I liked Moscow more than I think I expected. Amy’s made some points about the concerns we both had coming to Russia, given their recent degeneration in terms of LGBT rights. Given this and a sort of semi-constant sense of paranoia about the police that is exuded from Visa requirements through travel books (not to mention the Night Watch films) and warnings from hostels, I think I had built Moscow up to be a bit of a pit stop with our heads down before we got on with the serious business of the Trans Siberian. It’s definitely easier to like a city if it’s sunny, but after a shaky start, I found Moscow to be more vibrant and buzzing than St Petersburg. The metros in both are stunning halls and columns of marble – although they could do with (significantly) better signage. St Petersburg just feels a bit fading though, decaying. Moscow is expensive, but more interesting.
After a quiet first day, we headed down to a trekking shop to pick up a couple of things for the Transsib before a long walk back to the City through Gorky Park. Gorky Park is truly lovely, wooded and hilly in sections, pouring down to the river, as well as long promenades, lakes, cafes and social clubs for kids. A very pleasant way to spend a sunny afternoon.
The sunshine was sadly not to last, utterly drenching us on the way back from dinner. The next day was generally grey and drizzley, but we made our way around some of the more touristy areas, hiking a full circuit around the Kremlin. Red Square was being set up for an International Military Tattoo so we didn’t really get to experience it (based on the advert we saw for the South Korean section, I think they’re doing Gangnam Style. I bet they love that.) The rest of the castle and palace was pretty impressive though.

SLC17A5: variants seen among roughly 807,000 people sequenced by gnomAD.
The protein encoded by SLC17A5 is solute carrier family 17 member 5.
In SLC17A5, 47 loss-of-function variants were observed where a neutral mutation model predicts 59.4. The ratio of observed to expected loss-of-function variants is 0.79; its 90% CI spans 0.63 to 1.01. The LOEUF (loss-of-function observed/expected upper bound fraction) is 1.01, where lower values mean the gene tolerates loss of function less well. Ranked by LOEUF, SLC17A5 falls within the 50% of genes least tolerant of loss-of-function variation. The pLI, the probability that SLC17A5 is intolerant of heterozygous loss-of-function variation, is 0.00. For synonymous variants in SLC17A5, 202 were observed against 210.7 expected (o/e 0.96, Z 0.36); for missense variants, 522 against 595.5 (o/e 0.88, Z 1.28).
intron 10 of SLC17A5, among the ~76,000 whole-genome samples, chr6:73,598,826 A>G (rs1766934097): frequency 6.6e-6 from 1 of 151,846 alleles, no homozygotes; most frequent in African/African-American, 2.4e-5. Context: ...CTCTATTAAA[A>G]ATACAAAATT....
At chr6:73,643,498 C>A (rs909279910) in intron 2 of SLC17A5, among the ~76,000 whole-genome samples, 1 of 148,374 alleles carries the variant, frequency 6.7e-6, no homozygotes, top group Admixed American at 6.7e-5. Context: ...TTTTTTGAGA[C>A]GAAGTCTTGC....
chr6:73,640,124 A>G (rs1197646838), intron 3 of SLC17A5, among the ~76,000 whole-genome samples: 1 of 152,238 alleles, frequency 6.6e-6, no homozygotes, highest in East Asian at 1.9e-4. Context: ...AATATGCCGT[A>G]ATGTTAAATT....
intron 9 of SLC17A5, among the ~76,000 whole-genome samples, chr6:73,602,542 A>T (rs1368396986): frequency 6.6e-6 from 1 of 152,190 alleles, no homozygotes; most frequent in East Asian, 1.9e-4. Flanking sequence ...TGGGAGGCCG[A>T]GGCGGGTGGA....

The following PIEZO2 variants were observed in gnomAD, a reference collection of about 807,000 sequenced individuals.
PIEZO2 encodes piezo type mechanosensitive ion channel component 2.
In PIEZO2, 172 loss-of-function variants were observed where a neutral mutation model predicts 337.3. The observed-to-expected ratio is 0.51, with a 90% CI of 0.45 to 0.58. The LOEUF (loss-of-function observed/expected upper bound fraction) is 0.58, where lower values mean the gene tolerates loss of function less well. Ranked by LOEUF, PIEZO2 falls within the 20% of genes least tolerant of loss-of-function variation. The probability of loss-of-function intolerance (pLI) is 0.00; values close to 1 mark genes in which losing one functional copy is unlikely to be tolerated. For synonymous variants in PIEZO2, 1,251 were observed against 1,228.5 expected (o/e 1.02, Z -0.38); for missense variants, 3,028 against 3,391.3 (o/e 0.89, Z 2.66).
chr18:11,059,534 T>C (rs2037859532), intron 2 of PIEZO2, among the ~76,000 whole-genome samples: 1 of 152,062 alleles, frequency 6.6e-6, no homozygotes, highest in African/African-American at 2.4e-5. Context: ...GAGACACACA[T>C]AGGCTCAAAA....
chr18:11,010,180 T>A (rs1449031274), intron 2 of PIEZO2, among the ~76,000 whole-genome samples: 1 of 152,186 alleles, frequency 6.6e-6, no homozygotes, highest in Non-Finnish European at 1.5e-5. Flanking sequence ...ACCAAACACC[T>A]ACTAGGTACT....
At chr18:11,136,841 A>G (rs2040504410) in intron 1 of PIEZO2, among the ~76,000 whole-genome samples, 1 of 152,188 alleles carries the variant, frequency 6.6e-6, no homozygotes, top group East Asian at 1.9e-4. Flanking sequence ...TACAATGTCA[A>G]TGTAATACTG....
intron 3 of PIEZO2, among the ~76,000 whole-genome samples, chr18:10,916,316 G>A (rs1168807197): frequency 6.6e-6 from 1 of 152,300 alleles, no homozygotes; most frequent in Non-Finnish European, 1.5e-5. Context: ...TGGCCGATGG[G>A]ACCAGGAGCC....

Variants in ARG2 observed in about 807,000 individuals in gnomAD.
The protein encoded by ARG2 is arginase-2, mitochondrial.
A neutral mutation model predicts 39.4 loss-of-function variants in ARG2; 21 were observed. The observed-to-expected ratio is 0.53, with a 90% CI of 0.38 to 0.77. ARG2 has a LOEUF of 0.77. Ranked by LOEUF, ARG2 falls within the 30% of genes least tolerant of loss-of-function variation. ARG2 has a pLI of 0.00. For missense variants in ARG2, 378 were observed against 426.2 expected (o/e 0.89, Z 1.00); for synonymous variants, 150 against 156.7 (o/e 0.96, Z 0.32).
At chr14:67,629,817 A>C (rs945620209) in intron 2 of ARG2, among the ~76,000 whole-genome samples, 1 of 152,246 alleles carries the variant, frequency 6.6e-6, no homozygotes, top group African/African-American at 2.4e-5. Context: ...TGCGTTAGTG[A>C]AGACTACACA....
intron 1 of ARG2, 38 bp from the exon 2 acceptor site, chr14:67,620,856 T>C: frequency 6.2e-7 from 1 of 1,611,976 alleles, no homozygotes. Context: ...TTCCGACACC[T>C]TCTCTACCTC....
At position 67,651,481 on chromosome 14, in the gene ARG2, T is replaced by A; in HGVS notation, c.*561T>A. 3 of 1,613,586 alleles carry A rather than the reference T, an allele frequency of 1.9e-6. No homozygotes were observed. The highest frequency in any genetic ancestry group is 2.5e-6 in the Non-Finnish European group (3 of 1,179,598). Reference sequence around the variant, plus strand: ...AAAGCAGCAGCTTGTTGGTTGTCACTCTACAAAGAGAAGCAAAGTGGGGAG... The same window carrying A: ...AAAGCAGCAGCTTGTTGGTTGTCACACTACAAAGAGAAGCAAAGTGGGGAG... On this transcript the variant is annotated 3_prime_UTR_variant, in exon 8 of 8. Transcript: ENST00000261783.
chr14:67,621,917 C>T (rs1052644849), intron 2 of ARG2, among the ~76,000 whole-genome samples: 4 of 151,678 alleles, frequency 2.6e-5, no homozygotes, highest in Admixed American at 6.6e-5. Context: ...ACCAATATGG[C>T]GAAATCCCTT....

One feature we’d started noticing in Warsaw was a huge number of bridal shops. This continued in Vilnius, where there was some sort of ‘bride-off’ in the town square, before we started seeing newlyweds walking around in St Petersburg. This got to a ridiculous level on Friday and Saturday in Moscow. There were absolutely tons of newlyweds getting photos taken in the park, in shopping malls, by the Kremlin or by the river. There’s a tradition where you take a padlock, inscribe both sets of initials into it and then lock it on a bridge – throwing the key into the river. There are bridges covered in padlocks – and in Moscow they have got metal ‘trees’ in the middle of bridges designed for this. It’s pretty awesome.